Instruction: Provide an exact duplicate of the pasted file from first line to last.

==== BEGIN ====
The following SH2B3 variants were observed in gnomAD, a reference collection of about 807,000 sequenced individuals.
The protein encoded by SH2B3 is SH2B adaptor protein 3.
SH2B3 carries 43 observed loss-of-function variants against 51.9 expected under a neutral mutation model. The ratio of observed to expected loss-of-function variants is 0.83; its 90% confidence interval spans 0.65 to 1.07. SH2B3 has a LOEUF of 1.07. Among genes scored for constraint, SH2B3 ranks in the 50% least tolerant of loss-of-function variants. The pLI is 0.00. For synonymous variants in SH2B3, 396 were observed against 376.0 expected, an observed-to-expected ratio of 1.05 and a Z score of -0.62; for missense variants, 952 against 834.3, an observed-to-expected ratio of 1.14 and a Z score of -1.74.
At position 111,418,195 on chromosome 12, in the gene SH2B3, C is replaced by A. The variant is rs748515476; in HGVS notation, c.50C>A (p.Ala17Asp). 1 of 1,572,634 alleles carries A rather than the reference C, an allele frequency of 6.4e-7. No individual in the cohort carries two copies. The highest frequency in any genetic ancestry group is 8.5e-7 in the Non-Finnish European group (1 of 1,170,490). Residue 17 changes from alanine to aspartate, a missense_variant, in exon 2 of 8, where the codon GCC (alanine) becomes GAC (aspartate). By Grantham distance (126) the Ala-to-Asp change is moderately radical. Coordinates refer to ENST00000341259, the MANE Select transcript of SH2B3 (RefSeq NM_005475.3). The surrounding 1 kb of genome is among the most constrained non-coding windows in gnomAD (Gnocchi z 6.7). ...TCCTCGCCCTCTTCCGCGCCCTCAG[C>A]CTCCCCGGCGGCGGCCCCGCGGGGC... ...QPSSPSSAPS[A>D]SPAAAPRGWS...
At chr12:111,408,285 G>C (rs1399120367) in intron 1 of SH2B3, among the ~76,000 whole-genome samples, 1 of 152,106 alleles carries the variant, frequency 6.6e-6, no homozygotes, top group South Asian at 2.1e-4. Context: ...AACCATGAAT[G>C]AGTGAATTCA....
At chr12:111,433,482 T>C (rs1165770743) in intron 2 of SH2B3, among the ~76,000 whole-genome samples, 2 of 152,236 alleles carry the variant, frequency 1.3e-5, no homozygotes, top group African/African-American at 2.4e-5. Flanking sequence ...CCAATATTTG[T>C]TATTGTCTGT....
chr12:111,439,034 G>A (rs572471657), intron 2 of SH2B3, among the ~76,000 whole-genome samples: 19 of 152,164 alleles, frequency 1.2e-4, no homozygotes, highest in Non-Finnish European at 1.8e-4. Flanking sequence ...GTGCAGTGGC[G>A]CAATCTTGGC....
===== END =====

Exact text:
The following SH2B3 variants were observed in gnomAD, a reference collection of about 807,000 sequenced individuals.
The protein encoded by SH2B3 is SH2B adaptor protein 3.
SH2B3 carries 43 observed loss-of-function variants against 51.9 expected under a neutral mutation model. The ratio of observed to expected loss-of-function variants is 0.83; its 90% confidence interval spans 0.65 to 1.07. SH2B3 has a LOEUF of 1.07. Among genes scored for constraint, SH2B3 ranks in the 50% least tolerant of loss-of-function variants. The pLI is 0.00. For synonymous variants in SH2B3, 396 were observed against 376.0 expected, an observed-to-expected ratio of 1.05 and a Z score of -0.62; for missense variants, 952 against 834.3, an observed-to-expected ratio of 1.14 and a Z score of -1.74.
At position 111,418,195 on chromosome 12, in the gene SH2B3, C is replaced by A. The variant is rs748515476; in HGVS notation, c.50C>A (p.Ala17Asp). 1 of 1,572,634 alleles carries A rather than the reference C, an allele frequency of 6.4e-7. No individual in the cohort carries two copies. The highest frequency in any genetic ancestry group is 8.5e-7 in the Non-Finnish European group (1 of 1,170,490). Residue 17 changes from alanine to aspartate, a missense_variant, in exon 2 of 8, where the codon GCC (alanine) becomes GAC (aspartate). By Grantham distance (126) the Ala-to-Asp change is moderately radical. Coordinates refer to ENST00000341259, the MANE Select transcript of SH2B3 (RefSeq NM_005475.3). The surrounding 1 kb of genome is among the most constrained non-coding windows in gnomAD (Gnocchi z 6.7). ...TCCTCGCCCTCTTCCGCGCCCTCAG[C>A]CTCCCCGGCGGCGGCCCCGCGGGGC... ...QPSSPSSAPS[A>D]SPAAAPRGWS...
At chr12:111,408,285 G>C (rs1399120367) in intron 1 of SH2B3, among the ~76,000 whole-genome samples, 1 of 152,106 alleles carries the variant, frequency 6.6e-6, no homozygotes, top group South Asian at 2.1e-4. Context: ...AACCATGAAT[G>C]AGTGAATTCA....
At chr12:111,433,482 T>C (rs1165770743) in intron 2 of SH2B3, among the ~76,000 whole-genome samples, 2 of 152,236 alleles carry the variant, frequency 1.3e-5, no homozygotes, top group African/African-American at 2.4e-5. Flanking sequence ...CCAATATTTG[T>C]TATTGTCTGT....
chr12:111,439,034 G>A (rs572471657), intron 2 of SH2B3, among the ~76,000 whole-genome samples: 19 of 152,164 alleles, frequency 1.2e-4, no homozygotes, highest in Non-Finnish European at 1.8e-4. Flanking sequence ...GTGCAGTGGC[G>A]CAATCTTGGC....